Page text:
Sorry, folks! This post isn't going to be crafty or creative. It is, however, going to be fun and exciting because that's what good grammar is! Good grammar is always fun and exciting!
I'm a grammar nerd. I am probably one of the few people left under the age of forty (never mind how much under) that can correctly diagram a sentence. This is all because of a teeny tiny English teacher I had in seventh grade that felt that everyone should be able to diagram any sentence ever written. Diagram we did. She was also a Grammar Nazi.
I am not that dedicated but I do get very irritated when I read a "formal" letter and find it full of grammar mistakes. I cringe when fliers come home in my kids' backpacks and they are riddled with simple punctuation mistakes. Grammar mistakes in published items such as church bulletins, newspapers and newsletters always make me roll my eyes, especially when the article is written by someone very educated who makes elementary grammar errors. Proofread, people!
There are always exceptions to the good grammar rule. An informal blog (such as this one), an informal letter (when appropriate - not to your boss!), a chatty email (again, not to your boss), and Facebook posts are exempt from the Good Grammar laws. Try to get the spelling right, though.
There are probably quite a few of you rolling your eyes at this point thinking: "Geeze. She can diagram a sentence so she feels like she can tell us how to write properly." Pretty much. That, and I used to get paid to proofread. So there.
This is a blog post, not an English class so I'm going to stick to a few of the mistakes that causes heartfelt groaning and eye rolling on my part when I come across them.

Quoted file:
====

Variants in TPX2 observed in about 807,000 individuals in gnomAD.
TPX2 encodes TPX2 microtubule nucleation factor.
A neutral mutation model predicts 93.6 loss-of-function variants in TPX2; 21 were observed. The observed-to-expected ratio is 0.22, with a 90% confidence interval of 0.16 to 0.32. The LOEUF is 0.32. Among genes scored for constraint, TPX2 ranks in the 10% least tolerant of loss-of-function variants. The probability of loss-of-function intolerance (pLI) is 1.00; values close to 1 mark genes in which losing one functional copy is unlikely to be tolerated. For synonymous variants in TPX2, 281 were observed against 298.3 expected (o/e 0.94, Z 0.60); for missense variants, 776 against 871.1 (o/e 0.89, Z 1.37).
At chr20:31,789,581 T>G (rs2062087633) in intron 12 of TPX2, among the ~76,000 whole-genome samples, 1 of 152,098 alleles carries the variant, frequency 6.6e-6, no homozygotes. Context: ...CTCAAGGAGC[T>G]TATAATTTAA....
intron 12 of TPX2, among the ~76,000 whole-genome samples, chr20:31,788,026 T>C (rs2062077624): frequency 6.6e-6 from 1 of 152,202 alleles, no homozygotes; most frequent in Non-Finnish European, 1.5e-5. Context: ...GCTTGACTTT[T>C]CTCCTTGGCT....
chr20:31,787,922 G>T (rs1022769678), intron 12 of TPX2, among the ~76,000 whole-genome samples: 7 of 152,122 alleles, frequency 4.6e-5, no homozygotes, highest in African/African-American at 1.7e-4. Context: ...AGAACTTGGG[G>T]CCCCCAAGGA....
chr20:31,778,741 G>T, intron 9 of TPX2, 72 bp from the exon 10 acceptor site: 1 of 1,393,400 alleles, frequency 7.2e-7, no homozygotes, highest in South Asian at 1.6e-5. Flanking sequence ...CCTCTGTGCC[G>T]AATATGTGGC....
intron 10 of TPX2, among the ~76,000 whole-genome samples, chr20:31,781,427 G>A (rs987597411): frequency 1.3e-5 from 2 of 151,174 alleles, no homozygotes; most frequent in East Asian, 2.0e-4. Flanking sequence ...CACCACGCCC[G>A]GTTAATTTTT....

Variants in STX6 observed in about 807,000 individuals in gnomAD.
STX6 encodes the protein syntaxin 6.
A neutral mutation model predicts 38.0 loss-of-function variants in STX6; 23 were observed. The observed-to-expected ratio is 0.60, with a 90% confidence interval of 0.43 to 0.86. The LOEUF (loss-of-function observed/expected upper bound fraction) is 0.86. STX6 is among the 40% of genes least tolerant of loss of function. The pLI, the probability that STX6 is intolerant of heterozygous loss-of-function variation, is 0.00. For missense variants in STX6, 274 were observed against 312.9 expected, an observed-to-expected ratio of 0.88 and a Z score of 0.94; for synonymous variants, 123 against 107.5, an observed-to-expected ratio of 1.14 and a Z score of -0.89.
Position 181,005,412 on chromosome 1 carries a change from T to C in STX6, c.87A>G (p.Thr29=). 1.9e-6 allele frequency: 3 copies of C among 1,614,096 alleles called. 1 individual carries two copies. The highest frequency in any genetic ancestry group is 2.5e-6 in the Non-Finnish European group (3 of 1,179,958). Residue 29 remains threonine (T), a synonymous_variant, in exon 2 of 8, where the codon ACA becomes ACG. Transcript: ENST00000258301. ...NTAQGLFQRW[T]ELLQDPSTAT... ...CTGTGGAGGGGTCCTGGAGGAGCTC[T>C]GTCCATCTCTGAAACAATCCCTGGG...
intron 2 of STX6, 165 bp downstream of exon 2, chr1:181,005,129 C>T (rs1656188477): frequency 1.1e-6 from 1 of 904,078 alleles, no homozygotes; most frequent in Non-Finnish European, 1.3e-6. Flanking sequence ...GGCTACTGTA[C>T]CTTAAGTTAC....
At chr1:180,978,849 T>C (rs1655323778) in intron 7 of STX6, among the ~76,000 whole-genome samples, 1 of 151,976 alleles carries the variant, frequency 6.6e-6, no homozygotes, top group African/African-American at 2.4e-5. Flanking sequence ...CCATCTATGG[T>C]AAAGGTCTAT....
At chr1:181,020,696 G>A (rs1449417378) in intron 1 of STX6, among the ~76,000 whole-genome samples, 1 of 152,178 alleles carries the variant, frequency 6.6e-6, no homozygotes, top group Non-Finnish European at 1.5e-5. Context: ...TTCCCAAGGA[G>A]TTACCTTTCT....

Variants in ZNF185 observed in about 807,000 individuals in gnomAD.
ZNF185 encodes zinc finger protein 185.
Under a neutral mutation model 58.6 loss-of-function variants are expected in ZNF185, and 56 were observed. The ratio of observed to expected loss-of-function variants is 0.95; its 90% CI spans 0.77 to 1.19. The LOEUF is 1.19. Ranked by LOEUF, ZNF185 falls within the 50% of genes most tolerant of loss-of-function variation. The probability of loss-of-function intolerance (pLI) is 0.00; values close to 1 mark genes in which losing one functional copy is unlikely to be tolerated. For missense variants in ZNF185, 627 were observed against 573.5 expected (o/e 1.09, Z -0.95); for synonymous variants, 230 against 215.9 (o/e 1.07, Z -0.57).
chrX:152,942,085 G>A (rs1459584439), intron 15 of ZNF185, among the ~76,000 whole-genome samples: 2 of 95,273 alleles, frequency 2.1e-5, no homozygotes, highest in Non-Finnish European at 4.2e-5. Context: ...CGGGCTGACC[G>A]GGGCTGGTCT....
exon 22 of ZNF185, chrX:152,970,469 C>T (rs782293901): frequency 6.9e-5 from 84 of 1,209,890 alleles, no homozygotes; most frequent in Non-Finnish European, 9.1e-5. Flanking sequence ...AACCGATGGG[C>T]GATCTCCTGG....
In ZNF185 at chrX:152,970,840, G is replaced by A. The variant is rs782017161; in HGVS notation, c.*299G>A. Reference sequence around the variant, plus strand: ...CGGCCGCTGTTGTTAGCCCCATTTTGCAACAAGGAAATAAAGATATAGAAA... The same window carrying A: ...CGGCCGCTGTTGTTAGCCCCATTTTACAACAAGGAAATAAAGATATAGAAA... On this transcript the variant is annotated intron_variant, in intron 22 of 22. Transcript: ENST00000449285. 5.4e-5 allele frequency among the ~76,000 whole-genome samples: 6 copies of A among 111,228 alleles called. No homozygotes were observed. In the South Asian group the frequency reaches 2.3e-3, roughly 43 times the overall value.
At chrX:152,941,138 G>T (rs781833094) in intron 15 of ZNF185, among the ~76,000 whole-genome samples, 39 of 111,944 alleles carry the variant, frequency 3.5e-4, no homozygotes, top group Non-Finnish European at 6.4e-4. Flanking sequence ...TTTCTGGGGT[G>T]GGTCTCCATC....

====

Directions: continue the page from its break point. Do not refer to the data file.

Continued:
Its or It's: I know that an apostrophe S sometimes denotes possession (the child's backpack) but in this case it doesn't. An apostrophe can also be a contraction. That's what it is in this case. If you can substitute "it is" when you read your sentence for "it's", then you have done it correctly. If you can't, use "its".
The dog wanted water in its bowl.
It's a nice day out!
*** This is also how "your" and "you're" work.
There, Their or They're:
"There" denotes a placement. "We are going there." "Put the bowl there."
"Their" is possessive. "They need to put their shoes on." "The girls need to brush their hair."
"They're" is a contraction. If you can substitute "they are" for "they're" you are using it correctly. "They're going to the store."
Here's a fun one: They're going there to pick up their clothes.
Complete sentences: Remember the whole "subject/predicate" or subject/verb" lecture you glazed over in high school? That's what this one is about. You have to have a subject and a verb in each and every sentence for it to be a sentence. You can have an implied subject (Go get that! - "you" is implied. If you can put "you" at the front of the sentence and it makes sense, that's okay) but you can never have an implied verb (unless your name is Jennifer and you grew up in my parents' house. JENNIFER!! seemed to be an entire sentence in certain situations). Again, this doesn't apply in informal settings (such as this blog) but please, please try to remember this when you send an email to someone you don't know well or for business purposes.